Babies are susceptible to a number of skin conditions that may look very scary to parents. In most cases, red spots on the face, neck and ears do not indicate a serious medical condition. To determine the cause of the spots, note any changes you've recently made in your baby's diet and environment. Consult your pediatrician for any rash that gets worse after several days or is associated with a fever.
A number of minor conditions may cause red spots around the face. Severe dry skin, mosquito bites and sensitivity to facial care products may all cause spots. Eczema, a chronic skin condition that makes the skin dry and patchy, often is concentrated around the face and head. It is common in babies, who typically outgrow it in several years. Some babies develop cradle cap, a harmless skin condition concentrated on the top of the head that may also be on the ears and around the face. Because none of these conditions is life-threatening or results in serious symptoms, it's fine to attempt home treatment for a day or two if your child has no other symptoms.
Chicken pox, although rare in infants, is an illness that affects almost all children at some point, according to pediatrician William Sears. Small, itchy bumps frequently start on one part of the body and then spread. If you think your 2-month-old may have chicken pox, contact your pediatrician immediately. Some babies become very sick from chicken pox. Allergic reactions may also cause spots. If your baby has a fever, difficulty breathing, vomiting, diarrhea or has stopped eating, he may have an allergic reaction and needs emergency medical care.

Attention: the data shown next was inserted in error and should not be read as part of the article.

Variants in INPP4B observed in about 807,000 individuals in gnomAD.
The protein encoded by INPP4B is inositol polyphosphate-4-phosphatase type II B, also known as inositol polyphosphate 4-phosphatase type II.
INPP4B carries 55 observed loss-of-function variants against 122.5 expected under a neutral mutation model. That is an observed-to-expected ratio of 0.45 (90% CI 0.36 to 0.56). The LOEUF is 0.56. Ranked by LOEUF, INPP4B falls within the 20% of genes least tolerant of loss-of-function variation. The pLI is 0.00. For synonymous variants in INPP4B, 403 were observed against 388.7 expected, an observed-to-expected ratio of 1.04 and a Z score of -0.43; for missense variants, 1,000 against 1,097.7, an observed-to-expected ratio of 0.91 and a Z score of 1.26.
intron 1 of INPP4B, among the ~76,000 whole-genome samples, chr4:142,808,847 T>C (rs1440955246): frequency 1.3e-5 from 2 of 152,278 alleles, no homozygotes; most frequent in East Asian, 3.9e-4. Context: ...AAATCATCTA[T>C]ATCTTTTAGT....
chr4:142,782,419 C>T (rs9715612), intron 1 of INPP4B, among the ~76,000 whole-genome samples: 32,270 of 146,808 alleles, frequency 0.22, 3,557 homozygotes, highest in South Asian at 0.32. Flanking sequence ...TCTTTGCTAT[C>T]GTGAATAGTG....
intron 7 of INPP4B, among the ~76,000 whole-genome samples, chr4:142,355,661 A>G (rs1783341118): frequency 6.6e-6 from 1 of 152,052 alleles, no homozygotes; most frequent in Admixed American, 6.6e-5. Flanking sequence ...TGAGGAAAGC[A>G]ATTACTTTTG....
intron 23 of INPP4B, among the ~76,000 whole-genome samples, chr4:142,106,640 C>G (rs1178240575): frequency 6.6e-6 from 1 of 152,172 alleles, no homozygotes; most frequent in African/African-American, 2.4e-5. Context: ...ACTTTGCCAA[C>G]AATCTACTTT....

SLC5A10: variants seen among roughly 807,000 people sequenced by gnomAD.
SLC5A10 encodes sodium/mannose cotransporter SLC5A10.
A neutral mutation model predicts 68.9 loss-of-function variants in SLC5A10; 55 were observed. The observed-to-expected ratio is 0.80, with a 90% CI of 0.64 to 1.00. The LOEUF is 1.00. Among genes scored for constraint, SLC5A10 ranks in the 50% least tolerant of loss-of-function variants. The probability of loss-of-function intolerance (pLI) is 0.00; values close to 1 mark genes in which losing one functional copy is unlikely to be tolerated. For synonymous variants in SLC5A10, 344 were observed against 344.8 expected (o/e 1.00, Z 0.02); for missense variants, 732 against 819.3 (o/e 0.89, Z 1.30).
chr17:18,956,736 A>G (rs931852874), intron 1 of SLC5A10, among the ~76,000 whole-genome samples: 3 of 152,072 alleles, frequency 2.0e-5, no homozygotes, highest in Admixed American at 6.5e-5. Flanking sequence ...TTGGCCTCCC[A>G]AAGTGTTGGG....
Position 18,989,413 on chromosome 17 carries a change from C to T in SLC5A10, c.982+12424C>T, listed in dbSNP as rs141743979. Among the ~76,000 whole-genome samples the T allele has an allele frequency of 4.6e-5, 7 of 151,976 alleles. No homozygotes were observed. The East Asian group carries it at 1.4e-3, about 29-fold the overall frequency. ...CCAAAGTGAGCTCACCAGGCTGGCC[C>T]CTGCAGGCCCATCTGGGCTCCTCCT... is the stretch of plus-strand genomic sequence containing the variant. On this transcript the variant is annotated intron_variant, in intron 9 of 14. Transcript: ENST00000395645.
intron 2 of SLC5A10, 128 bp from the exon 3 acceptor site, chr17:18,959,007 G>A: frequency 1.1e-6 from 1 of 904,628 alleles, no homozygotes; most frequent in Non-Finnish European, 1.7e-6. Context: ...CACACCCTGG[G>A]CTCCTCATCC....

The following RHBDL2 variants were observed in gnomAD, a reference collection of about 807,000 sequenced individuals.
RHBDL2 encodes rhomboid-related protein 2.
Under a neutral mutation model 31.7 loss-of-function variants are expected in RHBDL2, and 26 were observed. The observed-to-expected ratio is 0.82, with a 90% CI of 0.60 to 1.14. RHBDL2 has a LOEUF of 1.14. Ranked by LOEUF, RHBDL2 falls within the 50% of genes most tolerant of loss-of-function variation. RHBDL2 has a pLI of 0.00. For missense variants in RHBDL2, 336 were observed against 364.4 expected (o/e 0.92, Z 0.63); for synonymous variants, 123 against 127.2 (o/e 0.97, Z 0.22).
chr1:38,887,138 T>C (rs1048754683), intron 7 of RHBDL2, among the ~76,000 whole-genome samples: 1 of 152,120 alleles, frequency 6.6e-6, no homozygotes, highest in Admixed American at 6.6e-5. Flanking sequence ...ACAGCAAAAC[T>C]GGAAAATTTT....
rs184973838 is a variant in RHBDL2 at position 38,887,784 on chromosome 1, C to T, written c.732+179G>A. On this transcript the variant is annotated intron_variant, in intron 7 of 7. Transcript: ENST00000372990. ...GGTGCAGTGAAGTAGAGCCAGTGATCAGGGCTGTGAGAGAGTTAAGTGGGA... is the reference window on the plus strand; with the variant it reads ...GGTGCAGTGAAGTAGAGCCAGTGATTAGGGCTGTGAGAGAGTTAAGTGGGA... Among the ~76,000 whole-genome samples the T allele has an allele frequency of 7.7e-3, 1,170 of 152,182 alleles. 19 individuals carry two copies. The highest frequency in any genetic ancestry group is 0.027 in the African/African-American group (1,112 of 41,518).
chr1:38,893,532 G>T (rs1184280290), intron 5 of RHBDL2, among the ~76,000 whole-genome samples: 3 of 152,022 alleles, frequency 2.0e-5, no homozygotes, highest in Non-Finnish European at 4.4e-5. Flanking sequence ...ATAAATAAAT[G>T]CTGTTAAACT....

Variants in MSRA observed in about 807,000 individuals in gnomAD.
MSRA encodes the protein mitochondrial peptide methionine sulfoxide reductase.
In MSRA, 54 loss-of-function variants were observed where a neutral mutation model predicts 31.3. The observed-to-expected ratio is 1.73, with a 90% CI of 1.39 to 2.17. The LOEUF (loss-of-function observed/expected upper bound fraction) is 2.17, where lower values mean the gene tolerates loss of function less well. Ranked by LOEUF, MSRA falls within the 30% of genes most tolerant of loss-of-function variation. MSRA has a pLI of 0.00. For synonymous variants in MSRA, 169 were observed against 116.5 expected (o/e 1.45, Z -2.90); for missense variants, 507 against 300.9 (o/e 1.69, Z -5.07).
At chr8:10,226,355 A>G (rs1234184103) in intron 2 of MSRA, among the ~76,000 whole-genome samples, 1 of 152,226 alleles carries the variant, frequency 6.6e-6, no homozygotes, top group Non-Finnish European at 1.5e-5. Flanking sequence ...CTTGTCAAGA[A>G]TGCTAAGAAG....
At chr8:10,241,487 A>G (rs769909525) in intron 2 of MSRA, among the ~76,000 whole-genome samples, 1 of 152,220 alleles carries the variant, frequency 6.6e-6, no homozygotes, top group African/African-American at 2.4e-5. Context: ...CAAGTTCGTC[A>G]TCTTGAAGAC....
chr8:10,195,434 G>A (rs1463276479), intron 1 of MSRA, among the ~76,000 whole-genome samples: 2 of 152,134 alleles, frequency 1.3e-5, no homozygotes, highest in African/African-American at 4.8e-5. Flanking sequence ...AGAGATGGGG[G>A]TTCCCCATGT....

If your child is itchy or in pain, breastfeed frequently to help soothe and comfort him. Breastfeeding also boosts immunity. An oatmeal bath may help to minimize itchy, dry patches. If you've recently switched formula brands, use the old formula again to minimize allergies.
The treatment your doctor recommends depends on the symptoms and diagnosis. Chicken pox normally must run its course, but your doctor may prescribe medications to alleviate symptoms. A severe allergic reaction may require a shot of epinephrine and intensive care. Many skin conditions are treated with antihistamines, lotion and dietary changes.
- "The Portable Pediatrician"; William Sears, M.D., et al.; 2011
- "Caring For Your Baby and Young Child"; American Academy of Pediatrics; 2009
- "Health, Safety and Nutrition for the Young Child"; Lynn R. Marotz; 2011